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Will the Renovated MoMA Let Folk Art Back In? - The New York Times
"Architectural historians argued against destruction, but protest was not universal. The Williams-Tsien building had problems. Conceived on the scale of a compact townhouse, it was only 40 feet wide. Its narrowness created a cramped interior, with corridor-like galleries inhospitable to art viewing. In addition, some people found its façade — composed of more than 60 plates of a copper-bronze alloy textured to look handworked — uninviting, even forbidding. It was hard to tell at a glance what was housed behind them, what the building was about.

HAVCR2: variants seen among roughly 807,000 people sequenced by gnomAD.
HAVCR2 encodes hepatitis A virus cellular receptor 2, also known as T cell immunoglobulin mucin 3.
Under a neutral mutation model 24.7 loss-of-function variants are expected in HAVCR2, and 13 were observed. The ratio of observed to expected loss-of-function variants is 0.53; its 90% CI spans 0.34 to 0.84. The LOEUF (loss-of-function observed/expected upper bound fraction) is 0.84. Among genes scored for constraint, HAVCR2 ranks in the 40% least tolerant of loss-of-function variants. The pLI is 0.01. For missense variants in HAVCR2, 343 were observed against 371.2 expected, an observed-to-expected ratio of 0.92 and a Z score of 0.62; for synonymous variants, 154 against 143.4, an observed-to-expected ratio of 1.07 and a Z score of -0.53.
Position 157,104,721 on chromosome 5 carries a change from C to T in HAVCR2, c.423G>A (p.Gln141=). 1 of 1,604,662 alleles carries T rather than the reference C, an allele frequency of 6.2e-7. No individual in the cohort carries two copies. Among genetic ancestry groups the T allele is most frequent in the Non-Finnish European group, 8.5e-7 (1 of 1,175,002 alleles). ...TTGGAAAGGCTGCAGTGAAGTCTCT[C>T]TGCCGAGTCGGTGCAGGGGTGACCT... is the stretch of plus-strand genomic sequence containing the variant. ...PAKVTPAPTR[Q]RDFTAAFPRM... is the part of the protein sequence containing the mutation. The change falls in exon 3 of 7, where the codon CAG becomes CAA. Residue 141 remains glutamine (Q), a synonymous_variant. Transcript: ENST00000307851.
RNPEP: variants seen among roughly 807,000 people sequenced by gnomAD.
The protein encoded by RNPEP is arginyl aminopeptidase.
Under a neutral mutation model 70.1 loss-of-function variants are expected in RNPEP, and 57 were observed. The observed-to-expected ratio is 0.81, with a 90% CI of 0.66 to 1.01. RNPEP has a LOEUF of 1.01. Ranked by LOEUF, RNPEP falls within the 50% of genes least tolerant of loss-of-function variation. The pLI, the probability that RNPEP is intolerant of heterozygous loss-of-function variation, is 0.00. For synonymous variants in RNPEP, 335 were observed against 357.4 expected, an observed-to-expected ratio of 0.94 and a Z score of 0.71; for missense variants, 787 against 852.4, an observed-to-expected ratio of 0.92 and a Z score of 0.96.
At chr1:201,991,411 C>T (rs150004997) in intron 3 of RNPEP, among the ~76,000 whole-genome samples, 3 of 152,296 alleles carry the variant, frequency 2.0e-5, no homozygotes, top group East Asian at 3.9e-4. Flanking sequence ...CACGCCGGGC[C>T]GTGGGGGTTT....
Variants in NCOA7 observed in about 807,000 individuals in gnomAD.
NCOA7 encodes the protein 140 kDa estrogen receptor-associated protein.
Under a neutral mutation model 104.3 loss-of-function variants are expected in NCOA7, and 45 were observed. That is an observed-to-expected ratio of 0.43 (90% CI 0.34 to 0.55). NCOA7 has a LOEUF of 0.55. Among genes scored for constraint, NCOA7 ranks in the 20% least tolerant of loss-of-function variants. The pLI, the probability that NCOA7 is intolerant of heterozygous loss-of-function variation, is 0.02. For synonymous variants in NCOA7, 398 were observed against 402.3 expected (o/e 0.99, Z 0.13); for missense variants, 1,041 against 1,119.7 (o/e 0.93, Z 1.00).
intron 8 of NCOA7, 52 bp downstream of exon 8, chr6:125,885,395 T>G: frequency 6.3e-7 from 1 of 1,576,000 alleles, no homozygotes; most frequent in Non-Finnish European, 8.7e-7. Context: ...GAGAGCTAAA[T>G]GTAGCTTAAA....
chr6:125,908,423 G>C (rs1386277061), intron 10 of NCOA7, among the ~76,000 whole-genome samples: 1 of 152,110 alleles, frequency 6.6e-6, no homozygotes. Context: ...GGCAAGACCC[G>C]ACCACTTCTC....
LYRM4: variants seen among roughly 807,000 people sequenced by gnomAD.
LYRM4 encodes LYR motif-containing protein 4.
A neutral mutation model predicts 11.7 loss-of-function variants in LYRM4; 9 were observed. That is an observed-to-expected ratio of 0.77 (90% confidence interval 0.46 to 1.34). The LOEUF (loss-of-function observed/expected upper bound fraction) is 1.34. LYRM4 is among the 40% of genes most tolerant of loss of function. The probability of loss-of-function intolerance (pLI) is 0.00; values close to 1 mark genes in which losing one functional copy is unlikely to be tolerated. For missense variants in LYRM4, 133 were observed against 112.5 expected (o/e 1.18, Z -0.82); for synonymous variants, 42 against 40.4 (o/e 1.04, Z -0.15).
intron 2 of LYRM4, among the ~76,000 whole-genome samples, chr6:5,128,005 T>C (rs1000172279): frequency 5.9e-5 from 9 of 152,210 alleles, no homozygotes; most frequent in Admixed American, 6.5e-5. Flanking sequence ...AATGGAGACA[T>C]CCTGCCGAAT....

At the same time, nobody denied that the design was distinctive, an interruption in a sea of midtown blandness to which MoMA’s facade contributes. Indeed, the Folk Art Museum looked about as un-MoMA as could be imagined: a small, dark, recessive sculpture set against the mega-museum’s stretch of glass and steel. Anyway, it went. A shame. If a work of architecture, loved or hated, has the weight and personality of an aesthetic object, which the Williams-Tsien building did, it should be considered “museum-worthy” and preserved.

There was another factor that made its loss regrettable. The work it housed — by folk artists, self-taught artists, and so-called outsider artists — was not only deeply charismatic, but filled out the story of Modernism in a way that MoMA itself, in recent years, has largely neglected to do.